The platter of fried chicken came down the table. It is the family reunion and there are several large uncles, cousins and aunts dipping into the carcasses of Rhode Island Reds and other contributors resulting in greasy fingers. Worry crept up my spine and the back of my neck like a tarantula looking for a spot of attach my immune system.
Finally, the platter got to me and I reached for my favorite pieces, either legs or breast. Not this time Audley, the only pieces left are wings and necks and one back piece. I knew I should have set on the other end of the table. Yuk and double yuk. That was then this is now.
One of the most popular pieces of chicken consumed in America today is the wing. Who would have thought it -- a wing. It was always the last piece eaten in my salad days slightly ahead of the neck and feet. Wings have risen to new heights in my lifetime.
I am a BTV survivor. My formative years were spent on a farm north of Calvertville in Highland Township. We didn't even have electricity in my callow youth and certainly no TV. After WW II electricity came stepping down the road one pole at a time. How glorious it was to take a shower.
Our first television set was a Muntz black/white set with a very small screen. Dad used to say, "We have a 12 inch screen and three kids with 15 inch heads." We could only get WTTV Bloomington and WFBM in Indy but not well. That was then this is now.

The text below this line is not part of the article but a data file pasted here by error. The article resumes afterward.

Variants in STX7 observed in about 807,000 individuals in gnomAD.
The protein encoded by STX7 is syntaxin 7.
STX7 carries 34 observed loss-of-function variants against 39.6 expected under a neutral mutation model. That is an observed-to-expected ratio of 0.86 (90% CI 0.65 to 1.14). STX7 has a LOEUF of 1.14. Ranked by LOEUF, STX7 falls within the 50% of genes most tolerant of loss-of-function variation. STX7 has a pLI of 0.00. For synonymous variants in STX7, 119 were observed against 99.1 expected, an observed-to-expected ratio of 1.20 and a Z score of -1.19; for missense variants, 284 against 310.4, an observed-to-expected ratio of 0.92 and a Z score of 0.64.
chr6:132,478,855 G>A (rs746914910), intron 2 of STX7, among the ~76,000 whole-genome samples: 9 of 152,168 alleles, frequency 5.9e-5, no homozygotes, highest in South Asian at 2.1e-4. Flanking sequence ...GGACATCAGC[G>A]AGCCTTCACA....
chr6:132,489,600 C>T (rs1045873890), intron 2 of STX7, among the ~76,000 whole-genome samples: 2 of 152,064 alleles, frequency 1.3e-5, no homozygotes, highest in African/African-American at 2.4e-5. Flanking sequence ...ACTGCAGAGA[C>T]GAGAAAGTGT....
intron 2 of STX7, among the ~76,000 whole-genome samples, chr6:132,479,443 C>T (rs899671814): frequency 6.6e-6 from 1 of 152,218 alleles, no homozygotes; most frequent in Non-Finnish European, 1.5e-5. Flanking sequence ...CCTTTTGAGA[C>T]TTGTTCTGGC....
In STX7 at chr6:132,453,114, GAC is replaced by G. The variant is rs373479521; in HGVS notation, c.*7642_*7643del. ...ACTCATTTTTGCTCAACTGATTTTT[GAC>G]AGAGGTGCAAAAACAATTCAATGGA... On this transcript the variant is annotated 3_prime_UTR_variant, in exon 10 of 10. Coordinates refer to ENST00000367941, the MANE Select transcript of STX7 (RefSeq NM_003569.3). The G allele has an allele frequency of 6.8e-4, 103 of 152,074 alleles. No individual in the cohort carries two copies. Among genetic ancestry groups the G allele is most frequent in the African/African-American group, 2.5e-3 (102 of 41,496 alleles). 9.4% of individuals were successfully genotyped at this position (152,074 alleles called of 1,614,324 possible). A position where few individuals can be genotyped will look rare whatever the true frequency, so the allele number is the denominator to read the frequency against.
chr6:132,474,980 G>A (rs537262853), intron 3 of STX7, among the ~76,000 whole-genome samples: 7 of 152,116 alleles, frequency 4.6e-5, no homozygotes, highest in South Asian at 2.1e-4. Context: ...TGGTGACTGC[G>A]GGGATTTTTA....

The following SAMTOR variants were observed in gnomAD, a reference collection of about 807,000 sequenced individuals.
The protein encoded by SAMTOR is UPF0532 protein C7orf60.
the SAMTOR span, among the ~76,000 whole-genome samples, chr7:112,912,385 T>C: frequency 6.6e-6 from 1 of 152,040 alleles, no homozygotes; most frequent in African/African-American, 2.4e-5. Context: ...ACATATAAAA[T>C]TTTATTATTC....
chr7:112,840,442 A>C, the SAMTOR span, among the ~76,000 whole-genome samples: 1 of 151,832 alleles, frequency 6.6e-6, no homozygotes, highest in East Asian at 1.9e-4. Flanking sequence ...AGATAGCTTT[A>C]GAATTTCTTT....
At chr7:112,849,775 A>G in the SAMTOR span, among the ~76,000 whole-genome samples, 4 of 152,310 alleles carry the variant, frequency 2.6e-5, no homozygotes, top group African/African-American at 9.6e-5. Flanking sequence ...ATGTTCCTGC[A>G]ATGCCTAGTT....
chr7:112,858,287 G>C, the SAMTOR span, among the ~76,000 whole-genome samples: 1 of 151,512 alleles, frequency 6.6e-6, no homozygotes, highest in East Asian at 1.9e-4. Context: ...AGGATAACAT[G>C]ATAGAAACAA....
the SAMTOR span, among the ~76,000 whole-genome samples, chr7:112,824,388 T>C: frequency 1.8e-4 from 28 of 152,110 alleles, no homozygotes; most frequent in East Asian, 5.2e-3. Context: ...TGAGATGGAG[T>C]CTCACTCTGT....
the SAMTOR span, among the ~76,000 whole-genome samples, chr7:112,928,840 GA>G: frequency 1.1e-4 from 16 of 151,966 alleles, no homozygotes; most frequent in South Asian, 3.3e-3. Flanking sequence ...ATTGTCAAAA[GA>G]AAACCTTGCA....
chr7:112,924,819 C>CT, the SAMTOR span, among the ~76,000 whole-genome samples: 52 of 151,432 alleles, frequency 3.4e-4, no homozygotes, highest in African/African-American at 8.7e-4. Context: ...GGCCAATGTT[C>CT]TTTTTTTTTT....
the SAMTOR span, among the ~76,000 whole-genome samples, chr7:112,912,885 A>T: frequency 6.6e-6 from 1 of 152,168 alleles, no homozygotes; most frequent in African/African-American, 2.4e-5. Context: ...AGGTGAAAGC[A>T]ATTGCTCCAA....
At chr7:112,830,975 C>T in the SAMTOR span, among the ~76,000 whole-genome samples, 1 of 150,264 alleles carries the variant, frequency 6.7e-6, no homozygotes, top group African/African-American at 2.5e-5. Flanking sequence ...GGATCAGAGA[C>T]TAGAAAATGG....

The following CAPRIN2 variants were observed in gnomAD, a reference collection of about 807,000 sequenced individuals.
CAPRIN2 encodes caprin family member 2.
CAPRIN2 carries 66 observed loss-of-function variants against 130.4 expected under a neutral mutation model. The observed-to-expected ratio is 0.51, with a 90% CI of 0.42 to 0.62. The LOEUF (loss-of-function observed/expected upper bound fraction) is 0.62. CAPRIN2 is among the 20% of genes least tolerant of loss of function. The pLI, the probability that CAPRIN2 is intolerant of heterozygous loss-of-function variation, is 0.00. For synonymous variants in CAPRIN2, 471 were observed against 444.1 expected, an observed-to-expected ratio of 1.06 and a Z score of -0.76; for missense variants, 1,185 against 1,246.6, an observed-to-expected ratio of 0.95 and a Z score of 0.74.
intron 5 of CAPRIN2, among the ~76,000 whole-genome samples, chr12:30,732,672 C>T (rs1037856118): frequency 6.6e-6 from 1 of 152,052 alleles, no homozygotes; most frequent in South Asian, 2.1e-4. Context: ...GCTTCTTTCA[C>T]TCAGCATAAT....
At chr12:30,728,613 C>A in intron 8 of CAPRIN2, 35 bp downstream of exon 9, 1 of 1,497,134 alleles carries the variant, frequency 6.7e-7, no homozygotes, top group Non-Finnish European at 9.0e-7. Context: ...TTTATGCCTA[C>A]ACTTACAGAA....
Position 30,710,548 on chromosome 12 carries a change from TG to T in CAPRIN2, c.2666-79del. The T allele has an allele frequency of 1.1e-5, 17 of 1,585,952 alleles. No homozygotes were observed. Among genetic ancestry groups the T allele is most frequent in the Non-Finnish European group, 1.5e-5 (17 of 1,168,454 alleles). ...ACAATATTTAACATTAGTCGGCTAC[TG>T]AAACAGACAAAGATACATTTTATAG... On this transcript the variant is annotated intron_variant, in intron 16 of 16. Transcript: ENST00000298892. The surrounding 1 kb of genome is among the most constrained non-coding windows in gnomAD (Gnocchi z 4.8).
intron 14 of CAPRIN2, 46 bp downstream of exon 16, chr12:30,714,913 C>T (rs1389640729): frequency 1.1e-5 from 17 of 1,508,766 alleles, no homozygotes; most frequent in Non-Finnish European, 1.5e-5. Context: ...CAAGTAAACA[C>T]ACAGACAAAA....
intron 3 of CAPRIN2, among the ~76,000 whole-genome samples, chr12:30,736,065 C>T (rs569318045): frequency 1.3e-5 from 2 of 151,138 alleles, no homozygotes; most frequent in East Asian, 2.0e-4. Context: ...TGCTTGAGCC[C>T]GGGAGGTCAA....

We have a 55 inch wide screen, high density, flat screen that pulls in about 100 cable channels. Most of the channels have no interest to BW and me. We might as well be back with the 12-inch Muntz. I don't think so Elzy.
Farming has changed in my lifetime. Most of the farmers in our community farmed with horses and a few small tractors. Small farms were the rule in my life. That was then, this is now. The mantra in farming today is "Get big or get out." Now tractors cost hundreds of thousands of dollars. Today one man could farm my dad's place in about three hours per year. A friend who farms in Missouri said recently, "If you can afford 'it', farming is no longer hard work." "It" meant equipment and the extant technology.
I spent the majority of my waking moments wearing bib overalls in my youth. What rare pictures I have of my elementary days reveals guys wearing bibs and girls wearing dresses. How quaint. Denim was used to make work clothes. That was then, this is now. Denim has found its way down the road of fashion to the runways, formal wear, church clothing, dating wear and all other occasions. I see denim being worn in every setting of my life. Gradually over time girls hung their dresses in the closet and began to wear jeans, slacks and even shorts. Gloriosky. If a person uses the word slacks to designate pants that women wear you know the talker is at least 60 years old. No one uses that term any more.
As Bob Dylan sang, "The Times They Are A'Changin'"
Larry grew up north of Calvertville on a farm and graduated from Worthington High School and Indiana State University. He can be reached at Goosecrick@aol.com or (317) 839-7656. He has published six books.